Can my dog play Chuck IT?
You know the game. You put the ball into the long lever arm of the Chuck It and suddenly you can throw four times farther. So is this a great game? This is a tricky question to answer. Very active dogs need a lot of exercise. And unless you are a runner and they run with you, you need to find ways to allow them to use up some of their excess energy. Most dogs love this game and it is an easy way to get them to run while you don’t have to over-exert yourself. However, running and then abruptly turning, especially on soft or uneven ground puts them at risk of an injury, like rupture of the cranial cruciate ligament in the knee.
Can the game be made safer? One of the trickiest part of the game is that the ball is often still in motion when the dogs are trying to pick it up. So, not releasing the dog until the ball has stopped moving at least allows them to better predict where the ball will be, so they can adjust their stride and speed, etc. before trying to pick it up. They may still not do it well and may still do some fast turning, but there is less chance of injury than if they are leaping and scrambling for a ball in motion. Also, consider the terrain. Play on well-maintained fields, etc. that are less likely to have divots. At the beach, play on the harder-packed sand, not on the really deep areas.
Also, make sure your dog is warmed up. They should be walking briskly or trotting for at least 5 minutes prior to any burst activities and then be given at least a 5 minute walk at the end to cool down.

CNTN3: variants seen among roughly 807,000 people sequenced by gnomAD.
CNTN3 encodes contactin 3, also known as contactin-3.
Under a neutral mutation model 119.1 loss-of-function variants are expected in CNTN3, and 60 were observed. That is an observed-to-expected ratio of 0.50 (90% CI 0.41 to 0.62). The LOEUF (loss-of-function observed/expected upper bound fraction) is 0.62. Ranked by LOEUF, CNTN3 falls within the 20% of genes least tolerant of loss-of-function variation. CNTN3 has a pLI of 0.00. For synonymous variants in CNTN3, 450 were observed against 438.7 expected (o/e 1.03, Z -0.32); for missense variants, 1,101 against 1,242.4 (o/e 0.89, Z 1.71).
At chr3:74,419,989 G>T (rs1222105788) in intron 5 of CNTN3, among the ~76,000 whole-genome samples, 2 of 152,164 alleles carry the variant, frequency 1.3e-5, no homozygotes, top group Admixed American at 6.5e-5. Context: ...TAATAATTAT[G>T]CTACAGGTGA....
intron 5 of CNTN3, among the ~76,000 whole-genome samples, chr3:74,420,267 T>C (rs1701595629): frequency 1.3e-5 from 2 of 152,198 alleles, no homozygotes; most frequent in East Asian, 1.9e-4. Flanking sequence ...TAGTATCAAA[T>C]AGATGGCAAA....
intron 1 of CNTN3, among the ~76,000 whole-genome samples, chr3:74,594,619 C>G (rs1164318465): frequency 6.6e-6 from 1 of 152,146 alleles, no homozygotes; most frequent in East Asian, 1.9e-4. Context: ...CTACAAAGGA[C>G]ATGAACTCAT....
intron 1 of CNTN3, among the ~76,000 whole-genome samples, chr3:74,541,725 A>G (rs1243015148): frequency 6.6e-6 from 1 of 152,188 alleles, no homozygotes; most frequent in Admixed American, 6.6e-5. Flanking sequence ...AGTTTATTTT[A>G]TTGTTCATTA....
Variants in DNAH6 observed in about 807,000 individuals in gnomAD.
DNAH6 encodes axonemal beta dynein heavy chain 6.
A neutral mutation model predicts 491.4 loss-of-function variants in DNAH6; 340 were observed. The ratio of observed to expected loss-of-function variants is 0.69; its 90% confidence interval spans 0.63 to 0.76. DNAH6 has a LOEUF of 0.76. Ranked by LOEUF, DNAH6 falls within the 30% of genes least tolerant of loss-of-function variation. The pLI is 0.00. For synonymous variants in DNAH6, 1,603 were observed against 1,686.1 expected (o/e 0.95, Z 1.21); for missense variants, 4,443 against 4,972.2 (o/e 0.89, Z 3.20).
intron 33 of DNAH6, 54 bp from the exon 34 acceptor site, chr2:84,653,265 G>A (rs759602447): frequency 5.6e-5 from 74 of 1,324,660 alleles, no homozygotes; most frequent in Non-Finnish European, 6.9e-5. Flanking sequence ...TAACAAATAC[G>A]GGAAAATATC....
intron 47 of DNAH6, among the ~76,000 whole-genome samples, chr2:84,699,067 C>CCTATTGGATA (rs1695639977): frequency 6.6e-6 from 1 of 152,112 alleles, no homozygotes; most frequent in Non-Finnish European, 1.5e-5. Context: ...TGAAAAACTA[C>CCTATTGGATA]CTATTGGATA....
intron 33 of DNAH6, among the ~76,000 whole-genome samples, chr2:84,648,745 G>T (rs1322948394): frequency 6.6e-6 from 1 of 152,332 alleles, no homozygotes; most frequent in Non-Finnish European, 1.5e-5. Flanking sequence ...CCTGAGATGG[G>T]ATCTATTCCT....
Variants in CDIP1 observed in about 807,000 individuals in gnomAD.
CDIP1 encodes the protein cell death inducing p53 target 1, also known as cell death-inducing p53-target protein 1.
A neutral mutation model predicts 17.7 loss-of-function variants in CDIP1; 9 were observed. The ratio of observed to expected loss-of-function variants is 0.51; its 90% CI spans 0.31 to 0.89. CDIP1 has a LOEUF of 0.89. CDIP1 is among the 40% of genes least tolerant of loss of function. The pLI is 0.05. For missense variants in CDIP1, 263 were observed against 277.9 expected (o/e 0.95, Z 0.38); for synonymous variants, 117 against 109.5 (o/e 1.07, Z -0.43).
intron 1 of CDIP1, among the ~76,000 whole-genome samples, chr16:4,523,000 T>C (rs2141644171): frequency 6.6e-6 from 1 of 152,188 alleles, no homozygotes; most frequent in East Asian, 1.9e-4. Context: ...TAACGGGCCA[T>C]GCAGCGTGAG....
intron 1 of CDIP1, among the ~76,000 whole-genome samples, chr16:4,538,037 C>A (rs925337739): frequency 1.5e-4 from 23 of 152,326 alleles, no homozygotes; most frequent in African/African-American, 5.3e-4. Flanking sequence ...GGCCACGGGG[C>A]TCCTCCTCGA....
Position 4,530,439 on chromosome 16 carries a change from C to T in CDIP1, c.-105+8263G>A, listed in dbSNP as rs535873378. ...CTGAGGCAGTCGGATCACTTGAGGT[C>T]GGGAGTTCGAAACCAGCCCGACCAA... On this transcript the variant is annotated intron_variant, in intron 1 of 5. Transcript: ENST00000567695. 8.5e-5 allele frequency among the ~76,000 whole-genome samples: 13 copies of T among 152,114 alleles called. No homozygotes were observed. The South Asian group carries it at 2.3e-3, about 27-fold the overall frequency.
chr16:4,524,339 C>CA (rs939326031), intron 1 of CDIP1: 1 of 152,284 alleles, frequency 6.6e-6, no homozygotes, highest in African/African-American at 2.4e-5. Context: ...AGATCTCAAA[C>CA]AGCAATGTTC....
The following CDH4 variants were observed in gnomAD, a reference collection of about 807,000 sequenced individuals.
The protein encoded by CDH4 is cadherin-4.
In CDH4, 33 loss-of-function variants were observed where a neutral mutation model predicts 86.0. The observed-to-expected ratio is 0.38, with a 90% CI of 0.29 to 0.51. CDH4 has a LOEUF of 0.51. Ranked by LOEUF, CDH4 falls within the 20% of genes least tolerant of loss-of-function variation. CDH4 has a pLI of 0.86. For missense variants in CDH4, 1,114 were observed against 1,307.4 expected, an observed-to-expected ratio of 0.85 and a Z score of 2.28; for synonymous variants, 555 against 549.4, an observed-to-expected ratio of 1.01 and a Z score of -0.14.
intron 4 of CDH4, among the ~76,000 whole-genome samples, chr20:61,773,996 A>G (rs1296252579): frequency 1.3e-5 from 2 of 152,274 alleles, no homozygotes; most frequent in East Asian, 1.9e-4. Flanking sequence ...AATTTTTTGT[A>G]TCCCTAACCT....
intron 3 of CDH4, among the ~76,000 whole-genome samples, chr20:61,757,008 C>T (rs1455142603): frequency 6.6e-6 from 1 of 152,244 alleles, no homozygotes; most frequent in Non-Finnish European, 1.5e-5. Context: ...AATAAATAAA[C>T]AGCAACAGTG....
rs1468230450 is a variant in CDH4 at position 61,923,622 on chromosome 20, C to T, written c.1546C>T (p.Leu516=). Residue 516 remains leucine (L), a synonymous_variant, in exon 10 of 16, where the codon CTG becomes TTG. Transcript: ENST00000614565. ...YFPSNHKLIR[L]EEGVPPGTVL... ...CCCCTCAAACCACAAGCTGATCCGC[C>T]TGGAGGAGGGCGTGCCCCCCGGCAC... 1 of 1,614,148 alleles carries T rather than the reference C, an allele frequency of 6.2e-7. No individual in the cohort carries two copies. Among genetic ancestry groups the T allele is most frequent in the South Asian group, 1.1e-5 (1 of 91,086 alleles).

Don’t let your dog suffer from- ”weekend warrior-itis”. If your dog gets almost no exercise during the week he likely shouldn’t be doing 1 hour of sprinting on the weekend.
Make sure your dog has great body awareness. This is the number one way to help prevent injury in almost any activity. Try activities like walking slowly over uneven terrain, or teaching them to back up, or to step sideways. Or, or walk them over unevenly placed broom handles on the ground or over a ladder on the ground. All these activities require them to pay attention to where their hind limbs are stepping and thus improves their hind end awareness.
There is always risk of injury when your dog is flying at high speeds, leaping, diving or fast turning. So recognizing some of the “dangers” of their favorite activities and finding ways to make them less risky decreases the chance of injury.
And if your dog is recovering from an injury, discuss with your veterinarian what activities your pet is allowed to do and be very specific. Most post-surgery rehab programs include strengthening and body awareness exercises to prevent further injury. But even then, for some dogs Chuck IT just may not be the best game for them!